RADIATIVE COOLING BY USING A SLAB OF HEXAGONAL BORON NITRIDE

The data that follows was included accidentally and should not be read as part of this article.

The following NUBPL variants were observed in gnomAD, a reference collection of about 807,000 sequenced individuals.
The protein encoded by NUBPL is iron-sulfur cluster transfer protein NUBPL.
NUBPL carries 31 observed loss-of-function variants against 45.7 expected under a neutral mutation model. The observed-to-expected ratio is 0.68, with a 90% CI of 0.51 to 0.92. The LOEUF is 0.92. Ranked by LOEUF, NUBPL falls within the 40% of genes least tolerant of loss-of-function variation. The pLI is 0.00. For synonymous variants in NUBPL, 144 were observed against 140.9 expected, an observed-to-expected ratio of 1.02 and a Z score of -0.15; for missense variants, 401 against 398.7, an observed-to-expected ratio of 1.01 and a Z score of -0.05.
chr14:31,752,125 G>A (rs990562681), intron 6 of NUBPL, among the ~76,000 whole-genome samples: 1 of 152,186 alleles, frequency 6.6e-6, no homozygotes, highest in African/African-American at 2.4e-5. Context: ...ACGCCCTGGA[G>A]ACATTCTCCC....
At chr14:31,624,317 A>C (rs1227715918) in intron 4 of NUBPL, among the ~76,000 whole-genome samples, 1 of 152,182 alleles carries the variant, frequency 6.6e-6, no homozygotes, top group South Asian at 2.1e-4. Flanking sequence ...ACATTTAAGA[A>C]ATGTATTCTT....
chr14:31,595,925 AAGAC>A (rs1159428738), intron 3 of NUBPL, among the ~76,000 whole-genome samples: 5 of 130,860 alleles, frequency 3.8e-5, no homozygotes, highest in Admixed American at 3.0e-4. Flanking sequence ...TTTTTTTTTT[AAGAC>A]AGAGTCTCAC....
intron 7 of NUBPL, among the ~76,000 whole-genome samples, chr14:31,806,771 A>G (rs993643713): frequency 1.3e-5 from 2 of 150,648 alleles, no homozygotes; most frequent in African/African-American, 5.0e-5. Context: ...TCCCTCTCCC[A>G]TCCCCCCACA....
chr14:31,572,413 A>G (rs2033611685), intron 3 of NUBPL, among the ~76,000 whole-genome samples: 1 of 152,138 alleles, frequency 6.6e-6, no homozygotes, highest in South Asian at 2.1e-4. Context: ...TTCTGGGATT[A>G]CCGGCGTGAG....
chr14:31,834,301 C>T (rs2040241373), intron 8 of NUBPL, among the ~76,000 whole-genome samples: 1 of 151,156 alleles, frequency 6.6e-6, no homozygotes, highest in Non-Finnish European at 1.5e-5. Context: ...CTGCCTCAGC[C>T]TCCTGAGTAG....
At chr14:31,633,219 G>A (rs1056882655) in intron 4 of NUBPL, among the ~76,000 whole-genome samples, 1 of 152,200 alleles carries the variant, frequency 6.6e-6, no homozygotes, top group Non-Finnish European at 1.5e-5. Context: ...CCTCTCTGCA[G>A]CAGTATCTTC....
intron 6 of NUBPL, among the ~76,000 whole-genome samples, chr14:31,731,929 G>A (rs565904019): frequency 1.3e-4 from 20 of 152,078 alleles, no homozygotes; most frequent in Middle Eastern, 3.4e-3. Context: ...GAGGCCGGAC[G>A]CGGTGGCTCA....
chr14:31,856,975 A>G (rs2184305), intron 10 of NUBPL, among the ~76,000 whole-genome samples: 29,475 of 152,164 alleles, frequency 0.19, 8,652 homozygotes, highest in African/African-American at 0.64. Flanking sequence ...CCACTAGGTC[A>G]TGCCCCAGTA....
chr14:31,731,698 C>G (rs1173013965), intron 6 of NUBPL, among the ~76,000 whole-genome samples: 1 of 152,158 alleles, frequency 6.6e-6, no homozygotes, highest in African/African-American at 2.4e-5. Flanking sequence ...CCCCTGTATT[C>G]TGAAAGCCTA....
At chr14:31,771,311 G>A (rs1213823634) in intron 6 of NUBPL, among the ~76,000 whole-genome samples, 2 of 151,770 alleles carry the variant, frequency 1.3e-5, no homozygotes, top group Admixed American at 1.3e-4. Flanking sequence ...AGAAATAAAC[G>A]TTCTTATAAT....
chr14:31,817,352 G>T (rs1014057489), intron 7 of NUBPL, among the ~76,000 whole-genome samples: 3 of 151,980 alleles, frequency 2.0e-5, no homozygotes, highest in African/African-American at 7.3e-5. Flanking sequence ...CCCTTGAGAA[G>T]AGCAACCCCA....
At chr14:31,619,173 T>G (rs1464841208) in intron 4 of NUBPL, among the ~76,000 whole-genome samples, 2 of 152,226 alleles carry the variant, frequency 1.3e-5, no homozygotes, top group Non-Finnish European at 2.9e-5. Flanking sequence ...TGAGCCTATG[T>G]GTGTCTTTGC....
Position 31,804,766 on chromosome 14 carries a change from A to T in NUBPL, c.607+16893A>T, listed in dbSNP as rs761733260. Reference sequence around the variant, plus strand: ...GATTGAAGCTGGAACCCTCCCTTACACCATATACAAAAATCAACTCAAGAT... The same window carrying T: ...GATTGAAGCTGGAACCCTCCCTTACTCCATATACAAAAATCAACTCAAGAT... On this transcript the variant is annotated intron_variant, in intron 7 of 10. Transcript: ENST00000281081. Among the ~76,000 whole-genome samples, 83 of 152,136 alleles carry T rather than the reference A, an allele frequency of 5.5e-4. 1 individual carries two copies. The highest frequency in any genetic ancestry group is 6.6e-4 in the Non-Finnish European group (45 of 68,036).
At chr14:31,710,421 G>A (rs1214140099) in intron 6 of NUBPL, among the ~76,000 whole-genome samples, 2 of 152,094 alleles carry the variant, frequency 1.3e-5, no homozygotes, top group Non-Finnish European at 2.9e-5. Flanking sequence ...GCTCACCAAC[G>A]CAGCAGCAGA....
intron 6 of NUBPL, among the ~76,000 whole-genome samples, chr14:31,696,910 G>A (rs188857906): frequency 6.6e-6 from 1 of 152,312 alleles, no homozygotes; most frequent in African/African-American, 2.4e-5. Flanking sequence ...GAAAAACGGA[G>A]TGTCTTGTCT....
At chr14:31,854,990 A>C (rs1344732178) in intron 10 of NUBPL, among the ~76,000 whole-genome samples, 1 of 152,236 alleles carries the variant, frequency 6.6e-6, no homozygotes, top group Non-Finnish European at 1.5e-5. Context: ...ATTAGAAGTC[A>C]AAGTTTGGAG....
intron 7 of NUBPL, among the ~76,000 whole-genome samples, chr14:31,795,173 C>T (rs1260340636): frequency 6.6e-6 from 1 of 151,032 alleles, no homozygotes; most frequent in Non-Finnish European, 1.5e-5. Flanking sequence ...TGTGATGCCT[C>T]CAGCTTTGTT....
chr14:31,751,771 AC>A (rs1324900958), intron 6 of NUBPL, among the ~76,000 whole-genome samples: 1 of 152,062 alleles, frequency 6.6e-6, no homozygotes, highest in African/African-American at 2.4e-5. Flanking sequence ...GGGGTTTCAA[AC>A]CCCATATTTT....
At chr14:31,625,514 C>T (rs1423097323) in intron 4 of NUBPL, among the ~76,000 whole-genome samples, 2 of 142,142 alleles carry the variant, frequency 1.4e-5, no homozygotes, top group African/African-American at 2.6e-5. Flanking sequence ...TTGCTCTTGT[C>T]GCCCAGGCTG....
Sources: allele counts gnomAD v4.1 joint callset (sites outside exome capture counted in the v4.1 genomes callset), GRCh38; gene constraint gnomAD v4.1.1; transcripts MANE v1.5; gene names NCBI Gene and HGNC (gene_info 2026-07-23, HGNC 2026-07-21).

We propose to use a slab of hexagonal boron nitride (hBN) coated on the back side with a silver film for radiative cooling. Numerical results show that the radiative cooling power can reach 63 W/m2 at room temperature and under AM 1.5 solar irradiation, when the thicknesses of the hBN slab and the silver film are 200 μm and 200 nm, respectively. With the radiative cooler, its temperature can theoretically reach about 12 °C below ambient temperature in the daytime under direct solar irradiation. The underlying mechanism is that the imaginary part of the permittivity of hBN in the AM 1.5 solar spectrum is much smaller than that in the atmospheric transparency window, which results in the absorbed solar energy much smaller than the emitted energy from the structure. We also investigate the impact of the hBN thickness on the cooling performance, the results show that the cooling power is sensitive to the hBN thickness. This proposed structure may have potential practical applications in radiative cooling due to its simplicity.